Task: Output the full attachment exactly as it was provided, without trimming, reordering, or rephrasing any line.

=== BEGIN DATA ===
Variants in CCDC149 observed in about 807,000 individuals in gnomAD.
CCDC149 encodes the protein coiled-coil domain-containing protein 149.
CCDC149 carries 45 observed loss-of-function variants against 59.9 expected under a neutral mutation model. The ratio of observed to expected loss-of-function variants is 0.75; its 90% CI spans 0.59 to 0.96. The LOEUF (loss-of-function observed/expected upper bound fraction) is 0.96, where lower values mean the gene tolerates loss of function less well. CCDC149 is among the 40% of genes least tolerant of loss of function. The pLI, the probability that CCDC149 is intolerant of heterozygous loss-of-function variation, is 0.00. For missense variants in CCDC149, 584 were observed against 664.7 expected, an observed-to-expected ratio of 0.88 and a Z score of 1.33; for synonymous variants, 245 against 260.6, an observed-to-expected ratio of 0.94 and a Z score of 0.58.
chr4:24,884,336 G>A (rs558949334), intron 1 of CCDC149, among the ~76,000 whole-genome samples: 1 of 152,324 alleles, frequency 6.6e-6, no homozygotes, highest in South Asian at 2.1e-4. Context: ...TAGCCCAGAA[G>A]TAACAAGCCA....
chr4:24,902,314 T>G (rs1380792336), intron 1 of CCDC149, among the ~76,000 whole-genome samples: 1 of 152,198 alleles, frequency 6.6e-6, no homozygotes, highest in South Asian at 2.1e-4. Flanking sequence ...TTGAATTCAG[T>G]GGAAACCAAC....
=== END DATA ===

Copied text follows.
Variants in CCDC149 observed in about 807,000 individuals in gnomAD.
CCDC149 encodes the protein coiled-coil domain-containing protein 149.
CCDC149 carries 45 observed loss-of-function variants against 59.9 expected under a neutral mutation model. The ratio of observed to expected loss-of-function variants is 0.75; its 90% CI spans 0.59 to 0.96. The LOEUF (loss-of-function observed/expected upper bound fraction) is 0.96, where lower values mean the gene tolerates loss of function less well. CCDC149 is among the 40% of genes least tolerant of loss of function. The pLI, the probability that CCDC149 is intolerant of heterozygous loss-of-function variation, is 0.00. For missense variants in CCDC149, 584 were observed against 664.7 expected, an observed-to-expected ratio of 0.88 and a Z score of 1.33; for synonymous variants, 245 against 260.6, an observed-to-expected ratio of 0.94 and a Z score of 0.58.
chr4:24,884,336 G>A (rs558949334), intron 1 of CCDC149, among the ~76,000 whole-genome samples: 1 of 152,324 alleles, frequency 6.6e-6, no homozygotes, highest in South Asian at 2.1e-4. Context: ...TAGCCCAGAA[G>A]TAACAAGCCA....
chr4:24,902,314 T>G (rs1380792336), intron 1 of CCDC149, among the ~76,000 whole-genome samples: 1 of 152,198 alleles, frequency 6.6e-6, no homozygotes, highest in South Asian at 2.1e-4. Flanking sequence ...TTGAATTCAG[T>G]GGAAACCAAC....